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Business and political leaders say NC must do more to create a skilled workforce by 2030

Students in between classes at Ardrey Kell High School.
Ann Doss Helms
Students in between classes at Ardrey Kell High School.

Some of North Carolina’s top leaders in business, politics, education and philanthropy gathered in Raleigh on Monday to push for a greater focus within the education system on creating a skilled labor force. They said that includes providing more young adults with credentials aligned with employer needs.

“Obtaining a quality education unlocks a world of opportunities … But a four-year degree isn’t for everyone, and it isn’t necessary for success in today’s world economy,” Senate leader Phil Berger told the gathering hosted by myFutureNC, a Raleigh-based group promoting workforce preparation.

The group came together with bipartisan support in 2019, announcing a goal of 2 million North Carolinians between the ages of 25 and 44 holding college degrees or “high-quality credentials” by 2030.

President Cecilia Holden said last year that about 1.55 million people had hit that mark — 31,000 short of where the group had hoped to be at this point.

The group announced two policy priorities for this year’s General Assembly session:

  • Mandate that every middle and high school do career planning for all students, a move endorsed by Superintendent Catherine Truitt, the Department of Public Instruction and the state Board of Education.
  • Invest more money in scholarships that let people earn short-term credentials valued by employers. That provides “immediate value for our employers, for the individuals’ earning power and the tax base of our state’s economy,” Holden said.

Big issues not discussed

From teacher pay to social issues-driven legislation like the "Parent's Bill of Rights" that's been introduced in the state Senate, schools are likely to be a focus of the legislative session once again this year. Leaders who spoke Monday didn't get into specifics on those issues, however.

Tim Moore
my Future NC
Tim Moore

Berger and House Speaker Tim Moore, both Republicans, had roughly three minutes each to make opening remarks. They gave few specifics about the big education decisions ahead. The state legislature has begun its 2023 “long session,” which will set a budget and chart many policy paths for the next two years.

Moore noted that rapid developments in artificial intelligence could eliminate some of the jobs employers want to fill now.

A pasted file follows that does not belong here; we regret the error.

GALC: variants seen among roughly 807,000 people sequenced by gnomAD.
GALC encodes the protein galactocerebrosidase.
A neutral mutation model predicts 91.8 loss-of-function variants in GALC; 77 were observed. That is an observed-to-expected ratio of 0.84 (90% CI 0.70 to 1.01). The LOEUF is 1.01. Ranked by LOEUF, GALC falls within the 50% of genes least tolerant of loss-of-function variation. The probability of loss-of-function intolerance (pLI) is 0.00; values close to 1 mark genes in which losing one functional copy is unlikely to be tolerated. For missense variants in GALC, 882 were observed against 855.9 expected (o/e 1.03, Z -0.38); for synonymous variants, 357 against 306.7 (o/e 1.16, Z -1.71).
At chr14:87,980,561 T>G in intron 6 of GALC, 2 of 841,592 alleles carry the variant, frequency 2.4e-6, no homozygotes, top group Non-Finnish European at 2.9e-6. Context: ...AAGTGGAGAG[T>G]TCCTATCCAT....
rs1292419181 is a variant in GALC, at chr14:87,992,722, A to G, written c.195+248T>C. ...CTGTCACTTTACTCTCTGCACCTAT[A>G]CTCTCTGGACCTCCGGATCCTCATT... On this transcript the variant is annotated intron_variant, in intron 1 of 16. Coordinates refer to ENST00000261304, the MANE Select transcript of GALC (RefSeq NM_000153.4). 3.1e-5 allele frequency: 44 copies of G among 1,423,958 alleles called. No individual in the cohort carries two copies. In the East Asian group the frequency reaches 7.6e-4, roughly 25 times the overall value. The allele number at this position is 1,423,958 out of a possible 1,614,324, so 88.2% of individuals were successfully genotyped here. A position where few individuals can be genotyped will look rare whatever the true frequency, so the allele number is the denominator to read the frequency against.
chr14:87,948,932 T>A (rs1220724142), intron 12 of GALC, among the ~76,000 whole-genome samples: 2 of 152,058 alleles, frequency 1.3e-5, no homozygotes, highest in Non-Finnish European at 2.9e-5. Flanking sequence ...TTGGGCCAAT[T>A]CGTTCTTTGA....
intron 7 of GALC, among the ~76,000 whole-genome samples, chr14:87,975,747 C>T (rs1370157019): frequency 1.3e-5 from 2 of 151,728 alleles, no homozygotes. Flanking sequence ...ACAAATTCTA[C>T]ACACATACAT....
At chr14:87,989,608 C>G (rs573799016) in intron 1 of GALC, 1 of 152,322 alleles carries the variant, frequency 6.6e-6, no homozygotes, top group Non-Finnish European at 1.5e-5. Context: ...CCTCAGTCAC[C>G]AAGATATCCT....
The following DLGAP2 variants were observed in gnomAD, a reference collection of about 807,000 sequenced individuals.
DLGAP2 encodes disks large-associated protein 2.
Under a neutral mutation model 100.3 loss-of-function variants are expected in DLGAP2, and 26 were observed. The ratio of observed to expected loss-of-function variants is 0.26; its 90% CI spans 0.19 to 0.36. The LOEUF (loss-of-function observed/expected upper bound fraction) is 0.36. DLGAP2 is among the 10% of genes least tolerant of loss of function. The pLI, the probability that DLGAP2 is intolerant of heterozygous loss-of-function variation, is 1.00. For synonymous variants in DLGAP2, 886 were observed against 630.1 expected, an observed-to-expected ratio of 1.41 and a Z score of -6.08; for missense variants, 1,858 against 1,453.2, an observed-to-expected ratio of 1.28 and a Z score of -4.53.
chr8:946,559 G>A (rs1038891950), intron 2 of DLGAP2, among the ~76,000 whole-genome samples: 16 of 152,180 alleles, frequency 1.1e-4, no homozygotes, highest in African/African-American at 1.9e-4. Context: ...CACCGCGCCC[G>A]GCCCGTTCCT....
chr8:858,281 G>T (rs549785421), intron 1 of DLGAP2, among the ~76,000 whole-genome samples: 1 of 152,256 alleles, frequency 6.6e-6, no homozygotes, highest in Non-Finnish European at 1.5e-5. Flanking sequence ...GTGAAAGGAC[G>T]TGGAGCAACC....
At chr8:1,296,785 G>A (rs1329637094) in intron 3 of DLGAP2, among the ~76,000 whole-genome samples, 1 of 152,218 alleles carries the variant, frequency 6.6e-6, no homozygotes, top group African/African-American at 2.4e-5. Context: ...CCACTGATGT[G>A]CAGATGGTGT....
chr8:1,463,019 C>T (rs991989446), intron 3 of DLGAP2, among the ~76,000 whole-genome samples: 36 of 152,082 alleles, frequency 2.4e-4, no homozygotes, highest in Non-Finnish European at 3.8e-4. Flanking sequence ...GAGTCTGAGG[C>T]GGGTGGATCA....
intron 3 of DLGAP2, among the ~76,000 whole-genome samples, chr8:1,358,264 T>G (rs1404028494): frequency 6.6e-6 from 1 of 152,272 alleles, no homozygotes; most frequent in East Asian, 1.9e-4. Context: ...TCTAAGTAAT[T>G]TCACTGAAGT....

“The thing that’s in some ways frightening, but more importantly exciting, is with the changes in technology, what does that mean for the workforce of tomorrow?” Moore said. “I think it’s very important that we as legislators be thinking about that.”

Democratic Gov. Roy Cooper, who spoke for about 12 minutes at the end of the meeting, praised the bipartisan support for bolstering North Carolina’s skilled labor force. He also used the forum to go into more detail and push his agenda.

“From early childhood to higher education, we are facing our own workforce problems,” he said. “When you look at the number of teacher vacancies, when you look at the struggle to get people to drive buses, when you look at the fight to make sure that we have enough of our early childhood educators, what can we do?”

Cooper noted that Medicaid expansion, which he has supported for years, could make it easier for child care centers to recruit and keep staff. He said almost a quarter of the state’s early childhood workers fall into the gap between Medicaid and federal Affordable Care Act subsidies. Republican leaders have also signaled support for Medicaid expansion.

Without offering details, Cooper called for more support for K-12 teachers and principals.

“We’ve got to make sure that we invest,” he said. “Pay them and treat them like the professionals that they are.”

Neither Cooper nor the House and Senate have yet revealed teacher pay proposals for this year’s budget.

The governor briefly touched on the Leandro plan to increase education funding. The state Supreme Court, in a vote split along party lines last fall, ordered the state to spend $1.75 billion to bolster education. But the General Assembly hasn’t acted, and the November election gave Republicans a majority on the court — which some have speculated could lead to a reversal of that decision.

And Cooper issued a challenge to business and legislative leaders: “We’ve got to stop with the cutting taxes for the wealthy.”

Cooper, like several other speakers, noted that North Carolina is attracting employers who pay good salaries. He said tax cuts strip the state of resources needed to strengthen early childhood, K-12 and higher education.

“And with the challenges that we have ahead, we need to stop it. We don’t need it for economic growth and development — they are coming. They are coming in droves!” Cooper said.


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Ann Doss Helms has covered education in the Charlotte area for over 20 years, first at The Charlotte Observer and then at WFAE. Reach her at ahelms@wfae.org or 704-926-3859.